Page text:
Master Paintings

Master Paintings

View full screen - View 1 of Lot 40. Venice, A View of the Palazzo Ducale from San Marco.

Property from a Private Collection

Michele Marieschi

Venice, A View of the Palazzo Ducale from San Marco

Auction Closed

May 22, 04:23 PM GMT

Estimate

200,000 - 300,000 USD

Lot Details

Description

Property from a Private Collection

Michele Marieschi

Venice 1710 - 1743

Venice, A View of the Palazzo Ducale from San Marco


oil on canvas

canvas: 21 ½ by 32 ¾ in.; 54.6 by 83.2 cm.

framed: 22 ½ by 33 ¾ in.; 57.2 by 85.7 cm.

Acquired in Venice by Henry Howard (1694-1758), 4th Earl of Carlisle, Castle Howard, circa 1738-1739;

Thence by descent to George James Howard (1843-1911), 9th Earl of Carlisle;

From whom acquired by Duveen, 1898;

Lefranc collection, Paris;

Henri Lehmann, Paris;

His sale, Paris, Galerie Georges Petit, 12-13 June 1925, lot 41 (as Canaletto);

Anonymous sale, Monaco, Sotheby's, 16 June 1989, lot 326;

Franco Cesari, Paris;

His sale, Paris, Sotheby's, 29 June 2004, lot 38;

Where acquired by the present collector.

R. Toledano, Michele Marieschi, catalogo ragionato, Milan 1995, p. 58, cat. no. V.5.a, reproduced;

M. Manzelli, Michele Marieschi e il suo alter-ego Francesco Albatto, Venice 2002, cat. no. A.05.03;

D. Succi, La Serenissima nello specchio di rame, splendore di una civilta figurativa del Settecento, L'opera completa dei grandi maestri veneti, Castelfranco 2013, vol. I, p. 249, cat. no. 18;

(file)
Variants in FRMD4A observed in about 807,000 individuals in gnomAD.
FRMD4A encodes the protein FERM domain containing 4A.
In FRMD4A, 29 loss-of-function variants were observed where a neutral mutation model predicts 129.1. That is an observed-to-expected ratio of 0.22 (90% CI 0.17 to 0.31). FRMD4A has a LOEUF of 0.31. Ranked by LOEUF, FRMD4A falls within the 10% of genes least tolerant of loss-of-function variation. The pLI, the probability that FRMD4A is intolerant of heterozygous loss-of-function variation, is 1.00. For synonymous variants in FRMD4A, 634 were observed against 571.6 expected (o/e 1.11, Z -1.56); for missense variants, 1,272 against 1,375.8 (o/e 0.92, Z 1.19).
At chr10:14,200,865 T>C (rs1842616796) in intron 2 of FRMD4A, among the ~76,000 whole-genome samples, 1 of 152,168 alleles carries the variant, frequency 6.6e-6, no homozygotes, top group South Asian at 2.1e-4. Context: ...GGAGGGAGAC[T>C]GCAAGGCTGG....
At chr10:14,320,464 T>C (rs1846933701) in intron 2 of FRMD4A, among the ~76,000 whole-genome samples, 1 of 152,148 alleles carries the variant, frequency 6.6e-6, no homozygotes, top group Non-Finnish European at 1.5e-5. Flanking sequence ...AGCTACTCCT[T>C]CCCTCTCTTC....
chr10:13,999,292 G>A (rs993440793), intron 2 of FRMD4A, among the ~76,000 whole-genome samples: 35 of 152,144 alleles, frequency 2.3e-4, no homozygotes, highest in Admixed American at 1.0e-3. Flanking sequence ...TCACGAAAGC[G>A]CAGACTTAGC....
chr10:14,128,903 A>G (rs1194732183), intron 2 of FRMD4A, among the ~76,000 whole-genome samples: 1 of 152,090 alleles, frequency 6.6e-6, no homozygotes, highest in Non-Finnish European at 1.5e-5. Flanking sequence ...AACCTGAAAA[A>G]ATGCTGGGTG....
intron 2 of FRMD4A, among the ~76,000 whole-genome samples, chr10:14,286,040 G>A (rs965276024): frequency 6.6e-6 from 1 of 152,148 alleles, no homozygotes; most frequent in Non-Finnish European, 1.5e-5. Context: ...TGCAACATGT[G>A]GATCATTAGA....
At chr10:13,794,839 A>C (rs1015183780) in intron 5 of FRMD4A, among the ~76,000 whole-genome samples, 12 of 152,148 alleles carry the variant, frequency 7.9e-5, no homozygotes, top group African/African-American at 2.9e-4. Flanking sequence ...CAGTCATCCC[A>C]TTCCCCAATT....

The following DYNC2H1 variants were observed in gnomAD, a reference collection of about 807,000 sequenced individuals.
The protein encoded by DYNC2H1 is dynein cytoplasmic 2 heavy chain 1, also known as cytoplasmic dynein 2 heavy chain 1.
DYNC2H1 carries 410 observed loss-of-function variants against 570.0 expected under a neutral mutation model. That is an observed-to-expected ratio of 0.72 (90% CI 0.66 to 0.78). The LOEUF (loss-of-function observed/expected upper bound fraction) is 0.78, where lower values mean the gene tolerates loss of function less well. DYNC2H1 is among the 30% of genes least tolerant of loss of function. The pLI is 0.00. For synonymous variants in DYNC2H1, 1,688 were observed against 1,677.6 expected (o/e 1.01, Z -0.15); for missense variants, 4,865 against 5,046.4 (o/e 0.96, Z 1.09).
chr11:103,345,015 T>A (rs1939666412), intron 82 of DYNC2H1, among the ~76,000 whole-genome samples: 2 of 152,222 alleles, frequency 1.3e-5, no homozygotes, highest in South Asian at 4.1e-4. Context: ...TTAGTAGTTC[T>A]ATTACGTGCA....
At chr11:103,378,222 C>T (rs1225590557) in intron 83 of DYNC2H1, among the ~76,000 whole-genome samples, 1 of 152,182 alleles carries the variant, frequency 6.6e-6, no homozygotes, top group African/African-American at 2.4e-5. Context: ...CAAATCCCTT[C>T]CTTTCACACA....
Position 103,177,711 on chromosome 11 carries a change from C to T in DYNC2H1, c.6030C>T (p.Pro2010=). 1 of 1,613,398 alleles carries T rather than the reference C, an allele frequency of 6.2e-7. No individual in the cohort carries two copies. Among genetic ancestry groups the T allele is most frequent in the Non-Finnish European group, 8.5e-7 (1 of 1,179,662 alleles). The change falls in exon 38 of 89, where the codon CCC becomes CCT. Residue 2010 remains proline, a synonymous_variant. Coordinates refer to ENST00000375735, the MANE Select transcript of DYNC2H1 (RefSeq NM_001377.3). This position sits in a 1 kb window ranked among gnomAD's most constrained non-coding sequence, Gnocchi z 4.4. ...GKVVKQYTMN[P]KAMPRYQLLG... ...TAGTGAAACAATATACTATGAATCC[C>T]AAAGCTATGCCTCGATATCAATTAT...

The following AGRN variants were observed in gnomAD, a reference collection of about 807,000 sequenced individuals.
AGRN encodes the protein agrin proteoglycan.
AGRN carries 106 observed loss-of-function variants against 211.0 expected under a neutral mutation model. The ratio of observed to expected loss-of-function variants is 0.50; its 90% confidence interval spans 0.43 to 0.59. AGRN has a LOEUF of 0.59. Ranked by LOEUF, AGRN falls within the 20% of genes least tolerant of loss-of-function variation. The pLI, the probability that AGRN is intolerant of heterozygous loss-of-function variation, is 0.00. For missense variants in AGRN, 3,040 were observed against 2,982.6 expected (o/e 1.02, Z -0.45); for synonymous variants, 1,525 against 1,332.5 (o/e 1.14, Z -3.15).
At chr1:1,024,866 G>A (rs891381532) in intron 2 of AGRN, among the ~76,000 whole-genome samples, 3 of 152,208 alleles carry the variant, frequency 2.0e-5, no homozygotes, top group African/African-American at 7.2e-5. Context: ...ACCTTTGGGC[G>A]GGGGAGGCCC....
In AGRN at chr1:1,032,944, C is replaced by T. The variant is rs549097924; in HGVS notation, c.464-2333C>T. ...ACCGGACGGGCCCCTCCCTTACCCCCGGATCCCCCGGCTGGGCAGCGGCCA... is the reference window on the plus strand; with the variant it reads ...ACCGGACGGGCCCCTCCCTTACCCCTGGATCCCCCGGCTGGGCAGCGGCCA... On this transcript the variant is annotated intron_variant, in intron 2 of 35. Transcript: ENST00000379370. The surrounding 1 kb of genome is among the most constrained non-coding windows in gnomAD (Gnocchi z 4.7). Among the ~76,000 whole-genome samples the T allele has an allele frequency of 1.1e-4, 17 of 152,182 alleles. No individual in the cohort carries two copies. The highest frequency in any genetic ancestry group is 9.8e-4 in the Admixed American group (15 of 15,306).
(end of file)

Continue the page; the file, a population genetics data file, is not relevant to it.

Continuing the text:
D. Succi, Michele Marieschi, Opera Completa, Pordenone 2016, pp. 218-220, cat. no. 49, reproduced;

This exquisitely refined work was among the eighteen vedute, or view paintings, of Venice either commissioned or acquired by Henry Howard, 4th Earl of Carlisle, during his second trip to Italy between 1738 and 1739.1 Marieschi subtly marries a diffuse luminosity with a graphic elegance, thereby conjuring an image of La Serenissima with both architectural precision and atmospheric enchantment.


Marieschi produced at least three other painted versions of the scene captured from the same vantage point as well as an engraving that he later included in his anthology of views of Venice, the Magnificentiores Selectioresque Urbis Venetiarum Prospectus, published in 1741. The ships and figures, likely executed by Francesco Simonini (among Marshall Mattias von der Schulemburg's artistic entourage), vary among the compositions. The present work includes three golden gondole belonging to Luigi Pio of Savoy, the Austrian Ambassador to Venice beginning in 1732.


1 Anton Maria Zanetti lists the work as "Veduta delle Prigioni et Ponte della Paglia con Palazzo Ducale, Piazzetta & con diverse gondole degli Ambasciatori in lontananza." See D. Succi, Michele Marieschi, Opera Completa, Pordenone 2016, fig. 34.